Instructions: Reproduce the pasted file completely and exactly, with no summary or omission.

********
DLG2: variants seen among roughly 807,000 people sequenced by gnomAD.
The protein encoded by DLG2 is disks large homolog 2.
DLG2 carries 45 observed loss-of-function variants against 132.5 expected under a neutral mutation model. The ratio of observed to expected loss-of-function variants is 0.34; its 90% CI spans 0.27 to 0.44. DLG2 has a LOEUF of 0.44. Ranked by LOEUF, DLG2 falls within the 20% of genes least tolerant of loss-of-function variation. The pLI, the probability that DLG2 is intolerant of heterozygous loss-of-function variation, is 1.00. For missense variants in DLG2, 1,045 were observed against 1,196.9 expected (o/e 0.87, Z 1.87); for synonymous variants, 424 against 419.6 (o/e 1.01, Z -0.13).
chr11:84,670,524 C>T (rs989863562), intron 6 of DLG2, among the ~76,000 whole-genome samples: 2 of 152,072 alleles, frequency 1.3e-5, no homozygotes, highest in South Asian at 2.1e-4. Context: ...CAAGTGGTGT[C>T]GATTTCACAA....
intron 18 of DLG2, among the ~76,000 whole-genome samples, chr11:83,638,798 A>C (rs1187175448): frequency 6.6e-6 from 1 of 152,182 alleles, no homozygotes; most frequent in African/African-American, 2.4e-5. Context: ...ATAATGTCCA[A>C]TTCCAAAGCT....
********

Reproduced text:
DLG2: variants seen among roughly 807,000 people sequenced by gnomAD.
The protein encoded by DLG2 is disks large homolog 2.
DLG2 carries 45 observed loss-of-function variants against 132.5 expected under a neutral mutation model. The ratio of observed to expected loss-of-function variants is 0.34; its 90% CI spans 0.27 to 0.44. DLG2 has a LOEUF of 0.44. Ranked by LOEUF, DLG2 falls within the 20% of genes least tolerant of loss-of-function variation. The pLI, the probability that DLG2 is intolerant of heterozygous loss-of-function variation, is 1.00. For missense variants in DLG2, 1,045 were observed against 1,196.9 expected (o/e 0.87, Z 1.87); for synonymous variants, 424 against 419.6 (o/e 1.01, Z -0.13).
chr11:84,670,524 C>T (rs989863562), intron 6 of DLG2, among the ~76,000 whole-genome samples: 2 of 152,072 alleles, frequency 1.3e-5, no homozygotes, highest in South Asian at 2.1e-4. Context: ...CAAGTGGTGT[C>T]GATTTCACAA....
intron 18 of DLG2, among the ~76,000 whole-genome samples, chr11:83,638,798 A>C (rs1187175448): frequency 6.6e-6 from 1 of 152,182 alleles, no homozygotes; most frequent in African/African-American, 2.4e-5. Context: ...ATAATGTCCA[A>C]TTCCAAAGCT....